I once attended a forum for black students held at York University, where there were a number of seminars and sessions to try to broaden the discussion and (I guess) impart some life skills. One of these forums was about developing and harnessing economic power, moderated by two women who had a successful business consulting firm. Some of the stuff was useful (invest in real estate, work closely with other black businesses to keep money ‘in the community’), while some of the stuff was a bit… different (sell your real estate and buy platinum bouillon!). In a fit of mysticism that I have found to be distressingly common among black intellectuals, they encouraged us to think of ‘money’ as part of an acronym:
Mobilize Our Natural Energy Yield
Which is, y’know… not where the word comes from, but whatever. Small quibble.
The point of the acronym was, I think, to divorce our minds from the concept that paper money is actually worth something in and of itself. Money is, and always has been, a proxy for the time and skill that goes in to the production of goods or services. Since its very early days, it has grown and expanded to represent a lot of other things as well, but at its fundamental level money is what you exchange for goods and services according to the level to which you value them.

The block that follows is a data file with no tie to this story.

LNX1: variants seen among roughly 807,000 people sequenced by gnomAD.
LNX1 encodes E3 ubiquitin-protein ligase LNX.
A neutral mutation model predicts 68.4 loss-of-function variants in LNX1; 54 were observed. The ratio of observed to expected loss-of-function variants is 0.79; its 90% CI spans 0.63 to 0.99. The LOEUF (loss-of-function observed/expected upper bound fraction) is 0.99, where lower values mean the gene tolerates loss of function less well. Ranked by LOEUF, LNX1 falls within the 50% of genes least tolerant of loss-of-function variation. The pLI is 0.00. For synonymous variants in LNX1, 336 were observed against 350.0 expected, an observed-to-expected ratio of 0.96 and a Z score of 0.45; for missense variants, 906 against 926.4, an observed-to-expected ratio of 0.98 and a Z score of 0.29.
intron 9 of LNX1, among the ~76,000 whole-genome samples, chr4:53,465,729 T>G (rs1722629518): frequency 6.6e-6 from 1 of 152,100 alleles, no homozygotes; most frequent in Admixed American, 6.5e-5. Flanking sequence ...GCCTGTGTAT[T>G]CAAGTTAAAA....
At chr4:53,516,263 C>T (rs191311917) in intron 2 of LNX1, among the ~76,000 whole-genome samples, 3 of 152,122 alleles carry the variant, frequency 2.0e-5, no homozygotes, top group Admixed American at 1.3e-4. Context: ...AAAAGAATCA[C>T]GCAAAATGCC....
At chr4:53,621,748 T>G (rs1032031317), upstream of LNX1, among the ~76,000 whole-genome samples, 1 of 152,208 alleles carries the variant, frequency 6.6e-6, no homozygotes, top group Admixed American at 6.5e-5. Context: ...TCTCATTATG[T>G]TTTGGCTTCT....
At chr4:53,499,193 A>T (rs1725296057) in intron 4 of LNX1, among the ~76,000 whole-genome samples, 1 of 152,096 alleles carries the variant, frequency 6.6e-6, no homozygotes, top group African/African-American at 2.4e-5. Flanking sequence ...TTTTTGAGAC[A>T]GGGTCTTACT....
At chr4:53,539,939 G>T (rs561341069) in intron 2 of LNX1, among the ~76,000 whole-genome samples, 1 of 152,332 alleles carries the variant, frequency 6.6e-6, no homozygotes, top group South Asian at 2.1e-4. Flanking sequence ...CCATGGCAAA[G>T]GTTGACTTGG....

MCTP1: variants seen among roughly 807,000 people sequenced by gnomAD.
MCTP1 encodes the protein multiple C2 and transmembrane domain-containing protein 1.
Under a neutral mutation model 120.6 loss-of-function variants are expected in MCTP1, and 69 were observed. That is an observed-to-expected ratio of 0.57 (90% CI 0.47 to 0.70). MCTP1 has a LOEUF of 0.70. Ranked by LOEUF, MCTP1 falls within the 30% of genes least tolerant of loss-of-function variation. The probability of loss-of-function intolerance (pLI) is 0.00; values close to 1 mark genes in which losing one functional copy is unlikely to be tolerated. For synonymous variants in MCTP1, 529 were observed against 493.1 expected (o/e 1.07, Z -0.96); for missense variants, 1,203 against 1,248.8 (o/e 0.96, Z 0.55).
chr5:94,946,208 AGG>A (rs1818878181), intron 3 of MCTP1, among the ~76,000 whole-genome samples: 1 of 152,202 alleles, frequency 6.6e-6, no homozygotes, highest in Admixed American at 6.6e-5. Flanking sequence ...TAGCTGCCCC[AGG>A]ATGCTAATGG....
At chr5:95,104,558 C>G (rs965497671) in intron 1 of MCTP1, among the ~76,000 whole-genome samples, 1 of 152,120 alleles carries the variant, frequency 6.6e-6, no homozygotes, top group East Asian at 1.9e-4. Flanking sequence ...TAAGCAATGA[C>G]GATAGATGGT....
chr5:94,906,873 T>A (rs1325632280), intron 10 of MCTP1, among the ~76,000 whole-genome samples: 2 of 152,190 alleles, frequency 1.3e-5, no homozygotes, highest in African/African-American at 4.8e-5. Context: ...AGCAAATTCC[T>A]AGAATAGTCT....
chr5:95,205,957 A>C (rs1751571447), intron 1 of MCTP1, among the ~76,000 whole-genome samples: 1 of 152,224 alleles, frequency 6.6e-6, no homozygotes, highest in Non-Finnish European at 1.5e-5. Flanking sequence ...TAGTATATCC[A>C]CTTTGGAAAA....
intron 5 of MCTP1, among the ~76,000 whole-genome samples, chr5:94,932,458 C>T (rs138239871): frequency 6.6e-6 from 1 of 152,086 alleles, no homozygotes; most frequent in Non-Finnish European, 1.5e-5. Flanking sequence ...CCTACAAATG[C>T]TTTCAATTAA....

The recent economic collapse revealed that our concept of ‘money’ had moved dangerously far away from anything resembling goods and services, and has instead mutated into a seemingly-arbitrary score that different groups use to decide who is better than the other. And when we started realizing “hey, wait a second, this whole thing is built on fairy dust and leprechaun tears”, it collapsed. But at some point, there was MONEY flowing between places, right? So where the hell did it all go? Did it just disappear into the ghost of the machine? Maybe. Then again, maybe not: [Read more...]